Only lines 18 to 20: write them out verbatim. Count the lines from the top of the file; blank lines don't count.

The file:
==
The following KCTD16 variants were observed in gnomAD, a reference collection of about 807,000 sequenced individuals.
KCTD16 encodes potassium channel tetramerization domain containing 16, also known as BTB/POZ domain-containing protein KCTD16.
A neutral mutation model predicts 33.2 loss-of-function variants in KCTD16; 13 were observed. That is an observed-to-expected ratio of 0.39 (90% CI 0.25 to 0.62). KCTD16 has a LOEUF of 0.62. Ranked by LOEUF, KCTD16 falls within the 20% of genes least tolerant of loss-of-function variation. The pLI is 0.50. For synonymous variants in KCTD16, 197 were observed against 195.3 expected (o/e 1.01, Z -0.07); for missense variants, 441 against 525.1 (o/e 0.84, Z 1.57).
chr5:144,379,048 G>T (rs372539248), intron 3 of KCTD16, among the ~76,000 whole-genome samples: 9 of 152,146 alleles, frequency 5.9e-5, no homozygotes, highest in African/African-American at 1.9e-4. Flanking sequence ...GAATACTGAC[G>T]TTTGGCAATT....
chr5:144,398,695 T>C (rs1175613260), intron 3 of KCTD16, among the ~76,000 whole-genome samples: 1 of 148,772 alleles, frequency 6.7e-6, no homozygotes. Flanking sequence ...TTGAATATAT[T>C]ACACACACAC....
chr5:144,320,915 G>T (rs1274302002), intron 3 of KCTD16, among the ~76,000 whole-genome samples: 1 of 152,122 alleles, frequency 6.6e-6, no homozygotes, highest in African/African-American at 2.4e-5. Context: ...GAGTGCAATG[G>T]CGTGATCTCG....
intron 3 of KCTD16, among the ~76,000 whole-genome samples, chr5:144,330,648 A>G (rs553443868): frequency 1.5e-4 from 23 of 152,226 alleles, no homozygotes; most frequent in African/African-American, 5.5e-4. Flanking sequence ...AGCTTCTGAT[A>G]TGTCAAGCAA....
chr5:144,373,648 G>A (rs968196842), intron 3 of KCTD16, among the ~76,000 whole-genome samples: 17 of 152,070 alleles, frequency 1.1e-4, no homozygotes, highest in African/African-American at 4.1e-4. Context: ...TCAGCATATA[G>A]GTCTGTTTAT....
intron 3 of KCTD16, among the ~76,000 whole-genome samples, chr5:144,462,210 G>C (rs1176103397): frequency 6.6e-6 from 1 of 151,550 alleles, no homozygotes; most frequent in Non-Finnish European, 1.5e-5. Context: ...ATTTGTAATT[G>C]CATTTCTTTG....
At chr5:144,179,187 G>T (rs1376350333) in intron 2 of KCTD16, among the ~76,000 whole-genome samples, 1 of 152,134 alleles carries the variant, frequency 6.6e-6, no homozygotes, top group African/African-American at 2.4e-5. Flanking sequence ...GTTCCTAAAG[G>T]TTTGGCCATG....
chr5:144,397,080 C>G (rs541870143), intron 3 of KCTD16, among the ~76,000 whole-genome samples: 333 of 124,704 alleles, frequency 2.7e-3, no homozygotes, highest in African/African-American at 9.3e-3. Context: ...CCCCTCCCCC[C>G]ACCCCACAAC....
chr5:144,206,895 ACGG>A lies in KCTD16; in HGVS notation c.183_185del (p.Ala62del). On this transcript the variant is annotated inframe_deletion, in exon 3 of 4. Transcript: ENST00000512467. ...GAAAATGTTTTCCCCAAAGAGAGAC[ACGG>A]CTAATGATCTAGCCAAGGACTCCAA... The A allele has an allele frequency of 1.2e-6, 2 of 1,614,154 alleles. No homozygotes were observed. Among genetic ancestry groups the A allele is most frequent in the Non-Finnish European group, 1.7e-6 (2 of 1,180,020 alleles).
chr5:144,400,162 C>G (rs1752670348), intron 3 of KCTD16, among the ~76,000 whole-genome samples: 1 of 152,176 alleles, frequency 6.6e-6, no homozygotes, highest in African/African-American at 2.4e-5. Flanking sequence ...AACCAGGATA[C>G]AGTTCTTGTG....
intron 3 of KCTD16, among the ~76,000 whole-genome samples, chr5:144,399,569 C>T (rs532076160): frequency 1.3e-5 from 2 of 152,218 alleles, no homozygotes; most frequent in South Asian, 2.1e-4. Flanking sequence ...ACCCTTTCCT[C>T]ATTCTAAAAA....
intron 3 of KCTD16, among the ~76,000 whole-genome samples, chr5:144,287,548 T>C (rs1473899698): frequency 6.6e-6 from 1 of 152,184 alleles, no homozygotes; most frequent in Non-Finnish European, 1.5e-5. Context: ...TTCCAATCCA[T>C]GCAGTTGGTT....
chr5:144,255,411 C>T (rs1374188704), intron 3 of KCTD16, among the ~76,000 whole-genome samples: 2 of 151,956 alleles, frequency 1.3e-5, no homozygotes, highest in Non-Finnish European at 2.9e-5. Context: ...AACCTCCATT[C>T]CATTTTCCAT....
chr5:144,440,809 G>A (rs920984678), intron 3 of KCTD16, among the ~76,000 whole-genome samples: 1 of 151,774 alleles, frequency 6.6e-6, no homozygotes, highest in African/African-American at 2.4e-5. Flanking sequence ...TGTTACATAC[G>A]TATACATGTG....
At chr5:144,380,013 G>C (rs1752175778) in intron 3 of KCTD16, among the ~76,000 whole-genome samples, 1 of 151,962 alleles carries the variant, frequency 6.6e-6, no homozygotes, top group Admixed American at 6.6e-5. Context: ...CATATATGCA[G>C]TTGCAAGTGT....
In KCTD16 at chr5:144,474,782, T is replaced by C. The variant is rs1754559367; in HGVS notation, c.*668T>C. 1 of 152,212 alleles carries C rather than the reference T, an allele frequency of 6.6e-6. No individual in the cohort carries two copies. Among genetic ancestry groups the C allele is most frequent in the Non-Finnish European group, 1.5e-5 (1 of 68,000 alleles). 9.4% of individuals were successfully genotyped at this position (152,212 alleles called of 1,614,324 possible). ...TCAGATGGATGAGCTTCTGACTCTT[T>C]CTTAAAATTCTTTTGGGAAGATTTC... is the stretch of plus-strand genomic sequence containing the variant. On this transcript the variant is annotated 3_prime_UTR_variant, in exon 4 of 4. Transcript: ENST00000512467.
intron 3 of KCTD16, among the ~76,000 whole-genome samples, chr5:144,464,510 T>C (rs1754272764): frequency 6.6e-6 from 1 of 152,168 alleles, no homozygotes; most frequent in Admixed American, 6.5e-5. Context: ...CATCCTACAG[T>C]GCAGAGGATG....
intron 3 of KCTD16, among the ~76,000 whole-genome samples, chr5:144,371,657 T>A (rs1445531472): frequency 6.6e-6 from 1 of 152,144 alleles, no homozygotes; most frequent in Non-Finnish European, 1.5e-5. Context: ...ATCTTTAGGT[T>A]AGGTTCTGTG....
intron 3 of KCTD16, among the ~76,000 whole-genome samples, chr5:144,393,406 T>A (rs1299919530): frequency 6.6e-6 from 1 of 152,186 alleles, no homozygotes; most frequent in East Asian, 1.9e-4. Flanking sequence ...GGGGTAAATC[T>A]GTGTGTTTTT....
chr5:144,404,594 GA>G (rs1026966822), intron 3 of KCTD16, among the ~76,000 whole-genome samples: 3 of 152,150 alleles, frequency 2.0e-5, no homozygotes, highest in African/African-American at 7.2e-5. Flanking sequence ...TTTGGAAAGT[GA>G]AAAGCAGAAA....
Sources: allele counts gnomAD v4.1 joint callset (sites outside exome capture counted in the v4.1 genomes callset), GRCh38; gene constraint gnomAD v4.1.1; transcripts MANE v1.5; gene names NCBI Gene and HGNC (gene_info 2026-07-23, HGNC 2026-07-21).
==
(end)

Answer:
At chr5:144,380,013 G>C (rs1752175778) in intron 3 of KCTD16, among the ~76,000 whole-genome samples, 1 of 151,962 alleles carries the variant, frequency 6.6e-6, no homozygotes, top group Admixed American at 6.6e-5. Context: ...CATATATGCA[G>C]TTGCAAGTGT....
In KCTD16 at chr5:144,474,782, T is replaced by C. The variant is rs1754559367; in HGVS notation, c.*668T>C. 1 of 152,212 alleles carries C rather than the reference T, an allele frequency of 6.6e-6. No individual in the cohort carries two copies. Among genetic ancestry groups the C allele is most frequent in the Non-Finnish European group, 1.5e-5 (1 of 68,000 alleles). 9.4% of individuals were successfully genotyped at this position (152,212 alleles called of 1,614,324 possible). ...TCAGATGGATGAGCTTCTGACTCTT[T>C]CTTAAAATTCTTTTGGGAAGATTTC... is the stretch of plus-strand genomic sequence containing the variant. On this transcript the variant is annotated 3_prime_UTR_variant, in exon 4 of 4. Transcript: ENST00000512467.
intron 3 of KCTD16, among the ~76,000 whole-genome samples, chr5:144,464,510 T>C (rs1754272764): frequency 6.6e-6 from 1 of 152,168 alleles, no homozygotes; most frequent in Admixed American, 6.5e-5. Context: ...CATCCTACAG[T>C]GCAGAGGATG....